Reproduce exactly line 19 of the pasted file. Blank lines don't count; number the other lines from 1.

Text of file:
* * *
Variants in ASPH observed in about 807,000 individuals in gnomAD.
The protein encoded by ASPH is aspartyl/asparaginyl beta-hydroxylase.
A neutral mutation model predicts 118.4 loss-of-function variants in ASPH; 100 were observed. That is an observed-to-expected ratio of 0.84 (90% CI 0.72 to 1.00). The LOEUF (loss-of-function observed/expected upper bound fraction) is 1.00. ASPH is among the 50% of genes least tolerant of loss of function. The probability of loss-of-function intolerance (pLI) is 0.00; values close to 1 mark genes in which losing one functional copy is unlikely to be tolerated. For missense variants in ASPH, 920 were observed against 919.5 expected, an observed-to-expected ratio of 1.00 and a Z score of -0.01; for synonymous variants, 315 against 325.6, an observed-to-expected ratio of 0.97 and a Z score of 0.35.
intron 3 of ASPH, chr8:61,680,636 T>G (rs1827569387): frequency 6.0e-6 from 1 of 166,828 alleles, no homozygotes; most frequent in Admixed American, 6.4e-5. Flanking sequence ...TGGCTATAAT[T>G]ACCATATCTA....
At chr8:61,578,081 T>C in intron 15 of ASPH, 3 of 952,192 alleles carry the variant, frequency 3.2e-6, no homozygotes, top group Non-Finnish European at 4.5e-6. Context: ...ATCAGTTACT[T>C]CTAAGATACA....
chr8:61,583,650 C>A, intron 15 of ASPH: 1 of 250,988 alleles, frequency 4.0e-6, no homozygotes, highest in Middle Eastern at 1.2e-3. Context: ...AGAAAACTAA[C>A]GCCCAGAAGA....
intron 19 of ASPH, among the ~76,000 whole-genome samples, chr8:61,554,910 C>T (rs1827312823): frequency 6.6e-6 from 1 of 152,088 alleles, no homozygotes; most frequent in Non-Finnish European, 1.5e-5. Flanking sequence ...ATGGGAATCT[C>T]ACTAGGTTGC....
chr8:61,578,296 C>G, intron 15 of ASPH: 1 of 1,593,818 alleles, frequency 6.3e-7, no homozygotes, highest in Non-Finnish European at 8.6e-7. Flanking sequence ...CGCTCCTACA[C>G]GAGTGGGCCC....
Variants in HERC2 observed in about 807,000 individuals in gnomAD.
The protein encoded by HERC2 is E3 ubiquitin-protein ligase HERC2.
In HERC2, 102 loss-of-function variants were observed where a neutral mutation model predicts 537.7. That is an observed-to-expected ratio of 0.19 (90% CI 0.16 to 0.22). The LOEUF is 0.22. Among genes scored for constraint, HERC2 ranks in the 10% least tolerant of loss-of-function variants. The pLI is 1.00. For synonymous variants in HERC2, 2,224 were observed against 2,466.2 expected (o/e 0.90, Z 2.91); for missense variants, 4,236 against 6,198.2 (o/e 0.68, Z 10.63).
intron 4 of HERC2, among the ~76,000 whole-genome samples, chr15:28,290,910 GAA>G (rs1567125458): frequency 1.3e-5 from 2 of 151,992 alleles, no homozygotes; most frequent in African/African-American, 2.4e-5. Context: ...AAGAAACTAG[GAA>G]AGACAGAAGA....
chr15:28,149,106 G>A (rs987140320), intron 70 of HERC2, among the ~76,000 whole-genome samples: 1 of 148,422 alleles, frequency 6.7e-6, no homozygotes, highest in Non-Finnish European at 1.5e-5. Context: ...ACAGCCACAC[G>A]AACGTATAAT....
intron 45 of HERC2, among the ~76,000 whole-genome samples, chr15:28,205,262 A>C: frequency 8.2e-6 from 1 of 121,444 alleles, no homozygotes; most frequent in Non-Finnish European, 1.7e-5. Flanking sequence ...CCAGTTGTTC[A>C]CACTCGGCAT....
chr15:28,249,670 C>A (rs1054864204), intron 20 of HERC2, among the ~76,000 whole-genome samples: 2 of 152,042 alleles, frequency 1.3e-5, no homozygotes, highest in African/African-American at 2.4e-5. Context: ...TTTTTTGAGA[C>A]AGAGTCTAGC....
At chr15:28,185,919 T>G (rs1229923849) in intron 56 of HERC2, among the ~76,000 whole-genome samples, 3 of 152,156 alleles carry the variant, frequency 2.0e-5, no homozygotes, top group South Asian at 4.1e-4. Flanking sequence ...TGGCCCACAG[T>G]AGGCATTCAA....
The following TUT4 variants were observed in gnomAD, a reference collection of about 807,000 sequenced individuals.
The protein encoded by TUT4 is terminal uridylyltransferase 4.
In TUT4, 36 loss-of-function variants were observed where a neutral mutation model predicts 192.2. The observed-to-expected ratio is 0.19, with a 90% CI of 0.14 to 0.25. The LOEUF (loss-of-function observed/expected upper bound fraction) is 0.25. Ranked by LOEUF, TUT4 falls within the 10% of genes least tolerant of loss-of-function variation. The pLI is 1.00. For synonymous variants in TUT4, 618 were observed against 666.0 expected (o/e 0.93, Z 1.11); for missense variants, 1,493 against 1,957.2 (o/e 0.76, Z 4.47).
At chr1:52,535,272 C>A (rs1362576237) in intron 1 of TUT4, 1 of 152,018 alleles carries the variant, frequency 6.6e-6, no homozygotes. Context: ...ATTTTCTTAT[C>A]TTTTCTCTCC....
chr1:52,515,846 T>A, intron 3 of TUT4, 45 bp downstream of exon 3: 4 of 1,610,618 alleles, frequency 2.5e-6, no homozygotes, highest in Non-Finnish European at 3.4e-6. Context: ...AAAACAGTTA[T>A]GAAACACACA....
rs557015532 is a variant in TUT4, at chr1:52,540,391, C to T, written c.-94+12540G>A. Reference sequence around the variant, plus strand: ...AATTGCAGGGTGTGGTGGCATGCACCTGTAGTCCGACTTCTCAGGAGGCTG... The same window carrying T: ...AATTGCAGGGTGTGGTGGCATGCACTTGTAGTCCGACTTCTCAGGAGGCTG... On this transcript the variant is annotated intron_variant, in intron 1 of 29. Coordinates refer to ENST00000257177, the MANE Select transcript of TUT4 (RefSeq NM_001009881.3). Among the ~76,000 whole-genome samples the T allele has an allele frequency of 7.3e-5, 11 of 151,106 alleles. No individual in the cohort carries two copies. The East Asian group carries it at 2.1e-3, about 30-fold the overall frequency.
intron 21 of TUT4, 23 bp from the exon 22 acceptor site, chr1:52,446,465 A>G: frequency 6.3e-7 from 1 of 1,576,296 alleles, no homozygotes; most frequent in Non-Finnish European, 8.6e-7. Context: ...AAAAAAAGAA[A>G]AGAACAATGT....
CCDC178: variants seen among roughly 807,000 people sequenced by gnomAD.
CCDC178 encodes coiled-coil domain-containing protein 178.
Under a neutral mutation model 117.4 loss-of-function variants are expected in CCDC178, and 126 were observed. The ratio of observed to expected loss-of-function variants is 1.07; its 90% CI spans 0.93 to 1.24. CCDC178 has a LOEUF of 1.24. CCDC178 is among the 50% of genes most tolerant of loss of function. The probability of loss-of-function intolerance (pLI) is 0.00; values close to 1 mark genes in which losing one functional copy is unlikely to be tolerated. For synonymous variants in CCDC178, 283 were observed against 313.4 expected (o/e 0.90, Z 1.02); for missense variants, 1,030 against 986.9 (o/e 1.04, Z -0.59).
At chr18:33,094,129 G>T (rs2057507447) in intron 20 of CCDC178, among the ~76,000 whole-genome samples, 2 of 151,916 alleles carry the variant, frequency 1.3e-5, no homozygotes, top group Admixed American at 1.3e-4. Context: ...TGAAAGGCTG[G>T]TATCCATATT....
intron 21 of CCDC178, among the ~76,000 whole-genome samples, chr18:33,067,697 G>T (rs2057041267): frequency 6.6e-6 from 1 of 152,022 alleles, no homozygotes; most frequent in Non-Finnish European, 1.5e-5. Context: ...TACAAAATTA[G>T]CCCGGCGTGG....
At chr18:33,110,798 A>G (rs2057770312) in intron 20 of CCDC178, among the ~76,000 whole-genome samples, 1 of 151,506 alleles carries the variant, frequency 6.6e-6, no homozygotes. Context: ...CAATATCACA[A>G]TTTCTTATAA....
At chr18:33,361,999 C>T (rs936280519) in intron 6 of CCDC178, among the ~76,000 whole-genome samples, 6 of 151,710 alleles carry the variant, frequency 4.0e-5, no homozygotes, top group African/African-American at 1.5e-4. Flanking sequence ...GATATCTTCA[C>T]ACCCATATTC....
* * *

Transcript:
In TUT4, 36 loss-of-function variants were observed where a neutral mutation model predicts 192.2. The observed-to-expected ratio is 0.19, with a 90% CI of 0.14 to 0.25. The LOEUF (loss-of-function observed/expected upper bound fraction) is 0.25. Ranked by LOEUF, TUT4 falls within the 10% of genes least tolerant of loss-of-function variation. The pLI is 1.00. For synonymous variants in TUT4, 618 were observed against 666.0 expected (o/e 0.93, Z 1.11); for missense variants, 1,493 against 1,957.2 (o/e 0.76, Z 4.47).